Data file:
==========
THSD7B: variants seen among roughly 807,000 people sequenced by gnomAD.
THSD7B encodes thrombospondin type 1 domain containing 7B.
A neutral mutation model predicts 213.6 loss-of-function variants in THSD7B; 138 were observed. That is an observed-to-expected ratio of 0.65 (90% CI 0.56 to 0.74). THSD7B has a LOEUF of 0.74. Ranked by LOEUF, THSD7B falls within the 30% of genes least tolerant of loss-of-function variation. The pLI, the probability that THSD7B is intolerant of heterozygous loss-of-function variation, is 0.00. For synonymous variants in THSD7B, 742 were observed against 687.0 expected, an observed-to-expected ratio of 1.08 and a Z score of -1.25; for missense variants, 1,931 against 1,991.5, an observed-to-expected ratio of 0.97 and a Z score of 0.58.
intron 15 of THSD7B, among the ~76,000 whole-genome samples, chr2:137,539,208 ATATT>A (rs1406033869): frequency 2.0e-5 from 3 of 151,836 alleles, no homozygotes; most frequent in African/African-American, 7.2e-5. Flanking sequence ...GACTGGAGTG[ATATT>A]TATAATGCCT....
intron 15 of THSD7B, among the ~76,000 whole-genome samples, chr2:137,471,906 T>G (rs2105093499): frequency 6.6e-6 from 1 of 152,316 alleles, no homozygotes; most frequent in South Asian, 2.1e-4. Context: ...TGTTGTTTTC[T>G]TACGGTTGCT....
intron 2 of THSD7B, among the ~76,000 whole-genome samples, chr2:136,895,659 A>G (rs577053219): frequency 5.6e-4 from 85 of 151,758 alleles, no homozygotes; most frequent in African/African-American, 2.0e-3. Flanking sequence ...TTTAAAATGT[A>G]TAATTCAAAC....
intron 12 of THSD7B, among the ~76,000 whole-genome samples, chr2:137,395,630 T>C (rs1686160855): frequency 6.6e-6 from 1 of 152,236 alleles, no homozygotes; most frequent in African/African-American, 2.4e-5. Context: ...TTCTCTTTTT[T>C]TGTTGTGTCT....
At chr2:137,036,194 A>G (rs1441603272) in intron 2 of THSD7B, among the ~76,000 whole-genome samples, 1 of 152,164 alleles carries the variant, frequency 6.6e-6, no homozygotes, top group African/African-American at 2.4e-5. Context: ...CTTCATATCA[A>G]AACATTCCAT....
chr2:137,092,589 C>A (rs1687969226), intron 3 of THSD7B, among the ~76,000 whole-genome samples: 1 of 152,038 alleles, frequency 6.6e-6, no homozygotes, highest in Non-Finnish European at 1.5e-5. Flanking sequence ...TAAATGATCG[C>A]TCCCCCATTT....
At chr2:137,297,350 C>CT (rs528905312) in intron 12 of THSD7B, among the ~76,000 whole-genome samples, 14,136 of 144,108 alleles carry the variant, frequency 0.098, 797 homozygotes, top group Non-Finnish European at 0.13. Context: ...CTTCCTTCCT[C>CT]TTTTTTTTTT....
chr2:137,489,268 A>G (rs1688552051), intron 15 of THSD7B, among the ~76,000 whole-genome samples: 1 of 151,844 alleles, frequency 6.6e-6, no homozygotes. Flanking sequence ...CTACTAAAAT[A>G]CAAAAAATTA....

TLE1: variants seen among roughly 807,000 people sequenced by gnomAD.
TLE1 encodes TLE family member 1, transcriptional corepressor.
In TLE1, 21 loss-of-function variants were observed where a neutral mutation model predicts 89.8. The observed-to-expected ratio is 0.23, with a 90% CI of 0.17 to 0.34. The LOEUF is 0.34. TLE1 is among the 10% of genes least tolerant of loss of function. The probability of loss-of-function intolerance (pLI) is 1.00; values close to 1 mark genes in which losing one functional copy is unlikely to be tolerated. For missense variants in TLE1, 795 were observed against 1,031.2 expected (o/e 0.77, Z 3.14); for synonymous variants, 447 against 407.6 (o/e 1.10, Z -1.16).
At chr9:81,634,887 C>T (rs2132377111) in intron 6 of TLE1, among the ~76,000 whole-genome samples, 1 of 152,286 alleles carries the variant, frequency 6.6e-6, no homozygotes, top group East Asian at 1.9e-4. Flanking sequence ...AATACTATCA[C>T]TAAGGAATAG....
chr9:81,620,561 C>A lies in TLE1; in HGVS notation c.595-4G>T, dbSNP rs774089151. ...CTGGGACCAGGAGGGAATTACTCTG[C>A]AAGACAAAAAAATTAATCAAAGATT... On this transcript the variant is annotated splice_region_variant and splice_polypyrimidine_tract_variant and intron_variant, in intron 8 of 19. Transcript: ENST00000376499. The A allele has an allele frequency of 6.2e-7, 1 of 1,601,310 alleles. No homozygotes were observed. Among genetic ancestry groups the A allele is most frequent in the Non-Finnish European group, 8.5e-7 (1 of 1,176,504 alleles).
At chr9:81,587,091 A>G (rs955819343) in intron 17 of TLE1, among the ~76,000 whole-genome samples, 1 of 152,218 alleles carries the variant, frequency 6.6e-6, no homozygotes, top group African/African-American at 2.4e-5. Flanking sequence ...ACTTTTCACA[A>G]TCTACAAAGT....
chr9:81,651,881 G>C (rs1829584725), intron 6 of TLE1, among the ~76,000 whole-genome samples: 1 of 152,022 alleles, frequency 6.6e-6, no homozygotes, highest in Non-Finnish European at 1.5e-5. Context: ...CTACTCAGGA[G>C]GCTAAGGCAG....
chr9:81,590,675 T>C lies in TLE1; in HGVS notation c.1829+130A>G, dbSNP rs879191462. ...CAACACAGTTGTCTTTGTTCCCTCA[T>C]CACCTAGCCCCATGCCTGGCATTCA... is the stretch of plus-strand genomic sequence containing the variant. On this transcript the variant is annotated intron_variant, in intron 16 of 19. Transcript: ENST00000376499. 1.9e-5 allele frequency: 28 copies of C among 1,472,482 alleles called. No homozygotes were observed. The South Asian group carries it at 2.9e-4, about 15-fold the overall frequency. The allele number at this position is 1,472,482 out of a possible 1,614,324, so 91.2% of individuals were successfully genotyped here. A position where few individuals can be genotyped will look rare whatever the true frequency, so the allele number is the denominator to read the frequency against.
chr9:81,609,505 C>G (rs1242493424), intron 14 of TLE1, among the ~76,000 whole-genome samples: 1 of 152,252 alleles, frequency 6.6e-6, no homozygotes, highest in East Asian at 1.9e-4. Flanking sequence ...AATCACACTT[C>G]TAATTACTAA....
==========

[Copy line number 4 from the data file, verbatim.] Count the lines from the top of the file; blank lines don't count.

intron 15 of THSD7B, among the ~76,000 whole-genome samples, chr2:137,539,208 ATATT>A (rs1406033869): frequency 2.0e-5 from 3 of 151,836 alleles, no homozygotes; most frequent in African/African-American, 7.2e-5. Flanking sequence ...GACTGGAGTG[ATATT>A]TATAATGCCT....